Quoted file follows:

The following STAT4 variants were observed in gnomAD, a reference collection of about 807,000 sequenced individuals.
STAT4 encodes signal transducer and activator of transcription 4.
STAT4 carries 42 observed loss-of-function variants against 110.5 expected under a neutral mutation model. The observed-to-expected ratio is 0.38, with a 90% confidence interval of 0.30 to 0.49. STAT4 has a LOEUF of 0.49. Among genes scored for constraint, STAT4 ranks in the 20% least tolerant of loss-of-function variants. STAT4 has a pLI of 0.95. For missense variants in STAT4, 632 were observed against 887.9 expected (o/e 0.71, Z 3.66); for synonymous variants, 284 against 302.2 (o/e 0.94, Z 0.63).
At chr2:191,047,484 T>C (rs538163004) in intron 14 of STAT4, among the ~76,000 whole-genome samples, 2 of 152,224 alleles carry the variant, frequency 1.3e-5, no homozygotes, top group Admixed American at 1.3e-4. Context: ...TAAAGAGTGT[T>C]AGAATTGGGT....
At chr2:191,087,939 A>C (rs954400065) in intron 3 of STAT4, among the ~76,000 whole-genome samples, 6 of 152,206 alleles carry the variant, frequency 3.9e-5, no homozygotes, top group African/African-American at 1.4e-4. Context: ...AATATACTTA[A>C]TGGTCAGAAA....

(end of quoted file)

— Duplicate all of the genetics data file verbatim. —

The following STAT4 variants were observed in gnomAD, a reference collection of about 807,000 sequenced individuals.
STAT4 encodes signal transducer and activator of transcription 4.
STAT4 carries 42 observed loss-of-function variants against 110.5 expected under a neutral mutation model. The observed-to-expected ratio is 0.38, with a 90% confidence interval of 0.30 to 0.49. STAT4 has a LOEUF of 0.49. Among genes scored for constraint, STAT4 ranks in the 20% least tolerant of loss-of-function variants. STAT4 has a pLI of 0.95. For missense variants in STAT4, 632 were observed against 887.9 expected (o/e 0.71, Z 3.66); for synonymous variants, 284 against 302.2 (o/e 0.94, Z 0.63).
At chr2:191,047,484 T>C (rs538163004) in intron 14 of STAT4, among the ~76,000 whole-genome samples, 2 of 152,224 alleles carry the variant, frequency 1.3e-5, no homozygotes, top group Admixed American at 1.3e-4. Context: ...TAAAGAGTGT[T>C]AGAATTGGGT....
At chr2:191,087,939 A>C (rs954400065) in intron 3 of STAT4, among the ~76,000 whole-genome samples, 6 of 152,206 alleles carry the variant, frequency 3.9e-5, no homozygotes, top group African/African-American at 1.4e-4. Context: ...AATATACTTA[A>C]TGGTCAGAAA....